This is another variant of longganisa which is popular in Imus Cavite called adobo longganisa. If adobo is one of your favorite dishes, then I think this is a kind of longganisa that you will love to eat also. This is similar to Vigan or Lucban longganisa because it is garlicky and salty and not sweet as the common longganisa. But its up to you if you want to put a little sugar on this longganisa because some pork adobo has some sugar in it. That is also how I cook my adobo with a little sweet taste.
- 1 kilo ground pork
- 125 grams garlic, minced
- ½ Tbsp. ground black pepper
- ½ tsp. salt
- ⅛ cup vinegar (sukang iloko)
- ⅛ cup soy sauce
- 1 Tbsp. atchuete seeds
- 2 Tbsp. cooking oil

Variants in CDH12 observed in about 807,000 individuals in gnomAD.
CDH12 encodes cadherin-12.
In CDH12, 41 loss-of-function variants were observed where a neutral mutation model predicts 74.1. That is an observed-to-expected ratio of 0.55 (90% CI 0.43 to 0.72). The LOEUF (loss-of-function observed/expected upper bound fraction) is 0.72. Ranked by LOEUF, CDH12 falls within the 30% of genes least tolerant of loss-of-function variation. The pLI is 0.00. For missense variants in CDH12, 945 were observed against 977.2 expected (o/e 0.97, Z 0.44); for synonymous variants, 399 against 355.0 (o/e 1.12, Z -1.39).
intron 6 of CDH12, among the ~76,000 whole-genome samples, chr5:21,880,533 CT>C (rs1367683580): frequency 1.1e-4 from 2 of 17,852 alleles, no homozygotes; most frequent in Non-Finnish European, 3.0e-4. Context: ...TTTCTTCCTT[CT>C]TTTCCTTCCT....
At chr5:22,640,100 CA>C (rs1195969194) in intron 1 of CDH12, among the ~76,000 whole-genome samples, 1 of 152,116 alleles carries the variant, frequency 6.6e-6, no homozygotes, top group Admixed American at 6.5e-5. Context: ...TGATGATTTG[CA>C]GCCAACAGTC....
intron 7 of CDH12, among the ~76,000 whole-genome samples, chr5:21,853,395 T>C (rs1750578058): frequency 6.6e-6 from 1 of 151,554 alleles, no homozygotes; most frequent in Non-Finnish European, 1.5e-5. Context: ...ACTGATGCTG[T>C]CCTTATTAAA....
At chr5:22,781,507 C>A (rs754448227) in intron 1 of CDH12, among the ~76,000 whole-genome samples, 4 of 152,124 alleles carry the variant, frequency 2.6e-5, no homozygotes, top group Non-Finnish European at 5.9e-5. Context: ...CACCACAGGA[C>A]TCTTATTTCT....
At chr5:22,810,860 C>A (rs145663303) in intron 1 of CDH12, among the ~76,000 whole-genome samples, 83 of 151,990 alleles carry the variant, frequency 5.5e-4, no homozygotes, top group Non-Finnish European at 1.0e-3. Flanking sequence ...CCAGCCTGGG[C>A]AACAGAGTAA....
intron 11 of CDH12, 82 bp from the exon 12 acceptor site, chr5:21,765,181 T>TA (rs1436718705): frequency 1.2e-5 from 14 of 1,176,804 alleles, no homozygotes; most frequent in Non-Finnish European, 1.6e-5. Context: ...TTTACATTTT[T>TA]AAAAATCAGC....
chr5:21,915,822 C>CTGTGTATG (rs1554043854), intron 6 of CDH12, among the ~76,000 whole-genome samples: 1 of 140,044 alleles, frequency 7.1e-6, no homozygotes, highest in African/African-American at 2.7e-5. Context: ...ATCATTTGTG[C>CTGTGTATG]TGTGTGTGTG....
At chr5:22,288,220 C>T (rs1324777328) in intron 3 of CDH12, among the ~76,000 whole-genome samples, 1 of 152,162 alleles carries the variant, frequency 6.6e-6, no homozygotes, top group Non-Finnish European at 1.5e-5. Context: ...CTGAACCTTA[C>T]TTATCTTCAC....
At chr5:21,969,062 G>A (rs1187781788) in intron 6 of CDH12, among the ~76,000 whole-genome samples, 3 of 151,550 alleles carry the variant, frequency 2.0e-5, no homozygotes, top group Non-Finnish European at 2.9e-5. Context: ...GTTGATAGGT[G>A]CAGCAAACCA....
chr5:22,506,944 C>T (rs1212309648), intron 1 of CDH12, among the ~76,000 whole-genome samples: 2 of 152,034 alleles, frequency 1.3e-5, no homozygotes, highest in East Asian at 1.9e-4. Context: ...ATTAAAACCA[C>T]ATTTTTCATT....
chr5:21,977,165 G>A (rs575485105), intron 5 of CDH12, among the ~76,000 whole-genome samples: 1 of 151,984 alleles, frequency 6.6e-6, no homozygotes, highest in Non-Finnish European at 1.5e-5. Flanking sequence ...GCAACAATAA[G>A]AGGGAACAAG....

- 3 pcs laurel leaves
- hog casing
- To make atchuete oil, in a pan, heat cooking oil and put atchuete seeds and laurel leaves. Fry the in low heat until the oil turns color red. Cool and strain the seeds from the oil. Set aside the atchuete oil.
- In a mixing bowl, combine ground pork, garlic, black pepper, salt, vinegar, soy sauce, and atchuete oil. Mix well until all the ingredients are well combined.
- Store in the refrigerator overnight or at least 3 hours before stuffing in the hog casing. If you are using dried hog casing, soak in warm water for 30 minutes before using.
- Using a sausage stuffer or a funnel, insert the first end of the hog casing on the funnel and fill it with the meat mixture. Divide the longganisa into 2 to 3 inch links by twisting and tie with strings.
- Dry under the sun for half a day or at least 3 to 4 hours before cooking or storing in the freezer. To cook the longganisa, put a small amount of water in a pan and boil unit the liquid evaporates. Then fry with a some cooking oil until brown.